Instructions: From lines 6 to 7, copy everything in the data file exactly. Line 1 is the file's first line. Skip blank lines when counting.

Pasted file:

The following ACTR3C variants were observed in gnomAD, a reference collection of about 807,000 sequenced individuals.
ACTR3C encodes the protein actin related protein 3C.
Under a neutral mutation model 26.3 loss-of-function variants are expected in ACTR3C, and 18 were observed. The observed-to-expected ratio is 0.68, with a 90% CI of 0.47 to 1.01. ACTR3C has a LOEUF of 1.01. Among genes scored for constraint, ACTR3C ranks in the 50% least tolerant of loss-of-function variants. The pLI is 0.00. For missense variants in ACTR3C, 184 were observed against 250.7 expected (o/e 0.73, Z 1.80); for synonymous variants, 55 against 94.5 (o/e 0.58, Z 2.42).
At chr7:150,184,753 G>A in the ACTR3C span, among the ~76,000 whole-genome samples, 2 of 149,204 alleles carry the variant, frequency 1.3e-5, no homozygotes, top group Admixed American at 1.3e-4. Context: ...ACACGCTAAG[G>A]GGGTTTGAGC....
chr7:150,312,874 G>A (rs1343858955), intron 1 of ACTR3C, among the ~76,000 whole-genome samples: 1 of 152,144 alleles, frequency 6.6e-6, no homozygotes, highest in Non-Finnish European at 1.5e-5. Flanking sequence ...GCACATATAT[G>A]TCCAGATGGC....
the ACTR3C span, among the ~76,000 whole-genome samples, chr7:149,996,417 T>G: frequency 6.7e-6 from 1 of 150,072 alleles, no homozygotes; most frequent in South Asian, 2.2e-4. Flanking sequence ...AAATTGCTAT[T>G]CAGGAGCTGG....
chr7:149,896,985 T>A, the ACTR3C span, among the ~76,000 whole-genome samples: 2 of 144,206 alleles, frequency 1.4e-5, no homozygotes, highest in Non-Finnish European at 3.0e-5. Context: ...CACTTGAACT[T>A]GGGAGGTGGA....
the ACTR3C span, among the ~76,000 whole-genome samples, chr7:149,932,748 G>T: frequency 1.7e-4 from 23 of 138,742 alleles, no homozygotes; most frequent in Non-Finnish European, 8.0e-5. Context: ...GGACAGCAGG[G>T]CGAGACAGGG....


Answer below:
the ACTR3C span, among the ~76,000 whole-genome samples, chr7:149,996,417 T>G: frequency 6.7e-6 from 1 of 150,072 alleles, no homozygotes; most frequent in South Asian, 2.2e-4. Flanking sequence ...AAATTGCTAT[T>G]CAGGAGCTGG....
chr7:149,896,985 T>A, the ACTR3C span, among the ~76,000 whole-genome samples: 2 of 144,206 alleles, frequency 1.4e-5, no homozygotes, highest in Non-Finnish European at 3.0e-5. Context: ...CACTTGAACT[T>A]GGGAGGTGGA....